[dns-operations] new public DNS service:

Joe Greco jgreco at ns.sol.net
Mon Nov 20 12:40:20 UTC 2017

On Sat, Nov 18, 2017 at 12:11:12AM -0800, Damian Menscher wrote:
> On Fri, Nov 17, 2017 at 10:41 PM, Paul Vixie <paul at redbarn.org> wrote:
> >
> > even though i believe quad9's published privacy policy, just as i believe
> > google's for and cisco/umbrella's for opendns, i do not trust all
> > of the ISP's between me and them, and all of the telco's they buy service
> > from, not to data mine my queries.
> Your argument that you don't trust the ISPs between you and
> Google/OpenDNS/Quad9, and therefore run your own local recursive resolver,
> confuses me.  After all, your local recursive needs to query third-party
> authoritative servers anyway.
> To convince yourself, answer these two questions:
>   - How many ISPs are between you and  I'm on Comcast, and they
> have direct peering with Google, so the number is zero.
>   - How many ISPs are between you and the average authoritative DNS server
> you need to reach?  I'm guessing that number is non-zero.
> Or did I misunderstand what you meant about the ISPs/telcos between you and
> the third-party rDNS providers?

One of the hazards that we've repeatedly fallen for over the years is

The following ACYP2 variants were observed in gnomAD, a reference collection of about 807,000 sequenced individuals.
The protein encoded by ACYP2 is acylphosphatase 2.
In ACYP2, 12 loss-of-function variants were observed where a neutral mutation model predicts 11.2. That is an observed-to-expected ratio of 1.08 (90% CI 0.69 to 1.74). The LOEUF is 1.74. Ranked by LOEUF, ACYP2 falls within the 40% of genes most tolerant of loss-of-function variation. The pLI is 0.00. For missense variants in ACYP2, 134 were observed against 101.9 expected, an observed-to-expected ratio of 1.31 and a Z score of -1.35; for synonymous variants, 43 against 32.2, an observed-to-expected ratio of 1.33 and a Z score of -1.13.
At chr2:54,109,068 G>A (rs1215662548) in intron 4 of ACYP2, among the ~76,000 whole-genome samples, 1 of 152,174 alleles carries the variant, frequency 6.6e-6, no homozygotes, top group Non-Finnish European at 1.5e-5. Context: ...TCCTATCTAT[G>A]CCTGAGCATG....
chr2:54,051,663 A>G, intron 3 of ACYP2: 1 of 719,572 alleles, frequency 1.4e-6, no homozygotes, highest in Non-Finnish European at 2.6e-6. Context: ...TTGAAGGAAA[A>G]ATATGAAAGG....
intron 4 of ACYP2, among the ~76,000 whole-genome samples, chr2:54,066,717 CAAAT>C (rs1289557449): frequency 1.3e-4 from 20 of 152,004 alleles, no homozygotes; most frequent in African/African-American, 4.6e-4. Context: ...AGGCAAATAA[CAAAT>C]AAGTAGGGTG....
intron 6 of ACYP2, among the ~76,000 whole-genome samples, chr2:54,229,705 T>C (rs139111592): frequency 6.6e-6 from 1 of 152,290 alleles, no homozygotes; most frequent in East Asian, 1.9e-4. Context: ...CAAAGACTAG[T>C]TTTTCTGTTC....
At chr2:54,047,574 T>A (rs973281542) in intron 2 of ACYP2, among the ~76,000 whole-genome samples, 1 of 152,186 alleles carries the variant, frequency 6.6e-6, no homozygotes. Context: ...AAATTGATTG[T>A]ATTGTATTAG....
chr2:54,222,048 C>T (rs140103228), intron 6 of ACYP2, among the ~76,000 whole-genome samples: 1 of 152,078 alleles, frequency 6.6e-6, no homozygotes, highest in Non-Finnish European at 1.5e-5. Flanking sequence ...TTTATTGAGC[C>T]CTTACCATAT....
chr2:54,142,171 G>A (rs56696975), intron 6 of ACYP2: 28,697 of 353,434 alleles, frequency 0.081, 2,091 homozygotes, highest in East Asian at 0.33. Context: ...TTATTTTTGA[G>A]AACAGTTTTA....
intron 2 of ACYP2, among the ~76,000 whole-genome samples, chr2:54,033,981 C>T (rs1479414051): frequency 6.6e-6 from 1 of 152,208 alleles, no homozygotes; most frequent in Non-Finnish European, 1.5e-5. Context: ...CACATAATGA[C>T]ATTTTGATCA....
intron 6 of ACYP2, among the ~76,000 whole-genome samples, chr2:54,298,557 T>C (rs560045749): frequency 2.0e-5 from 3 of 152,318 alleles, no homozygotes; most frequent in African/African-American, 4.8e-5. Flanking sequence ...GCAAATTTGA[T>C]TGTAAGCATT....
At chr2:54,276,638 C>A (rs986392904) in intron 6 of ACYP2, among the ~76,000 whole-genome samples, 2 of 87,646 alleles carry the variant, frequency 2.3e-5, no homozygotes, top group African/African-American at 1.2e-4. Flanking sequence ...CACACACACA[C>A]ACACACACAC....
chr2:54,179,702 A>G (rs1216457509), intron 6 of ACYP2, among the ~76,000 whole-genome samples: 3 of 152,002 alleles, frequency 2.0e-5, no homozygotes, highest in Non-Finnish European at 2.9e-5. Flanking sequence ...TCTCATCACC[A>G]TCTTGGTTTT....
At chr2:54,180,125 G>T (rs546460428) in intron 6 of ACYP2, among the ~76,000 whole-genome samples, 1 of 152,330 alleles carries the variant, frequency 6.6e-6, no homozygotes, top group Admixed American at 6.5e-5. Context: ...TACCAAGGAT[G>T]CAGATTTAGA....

the trend towards these big monster centralized services.

This may have started with SMTP, where end users had a critical issue
where they wanted a stable address, but switching ISP's made that hard,
so free e-mail services took over.  Over time, we've evolved to the 
point where there are a relatively small number of massive-scale mail
companies who have created a Kafka-esque system of broken filtering and
rampant disregard for the crap they spew, while making it exceedingly
difficult for a small site to successfully join into the mail network.

As we become more dependent on services that are provided at the whim
of various service providers, I think it is valuable to consider the
downsides.  This includes the loss of local control over the policies
being implemented.  Once you outsource your DNS recursion to someone
else, that becomes a decision that's harder to reverse, because it is
wired in all over.

Not that it'd happen, but what if Google decided one day that Yahoo!
must die and set 8.8.{8.8,4.4} to block *.yahoo.com?  Sure, today's
policies and the current environment makes this unlikely, but what
about ten years from now?

I like the general idea behind, but I don't know that I want
to outsource recursion to a project that is dependent on being funded
in the future, and whose filtering is somewhat opaque.

I wouldn't mind running local recursers that blocked a good threat list 
if this could be set up and maintained in a reasonable fashion.  But
having another service pop up to do something that is so important to
the operation of the network, "just trust us," is pretty uncomfortable.

So a reasonable question might be, is there something that could be done
to make threat filtering by those of us who operate recursion servers
an easier thing to do?

... JG
Joe Greco - sol.net Network Services - Milwaukee, WI - http://www.sol.net
"We call it the 'one bite at the apple' rule. Give me one chance [and] then I
won't contact you again." - Direct Marketing Ass'n position on e-mail spam(CNN)
With 24 million small businesses in the US alone, that's way too many apples.

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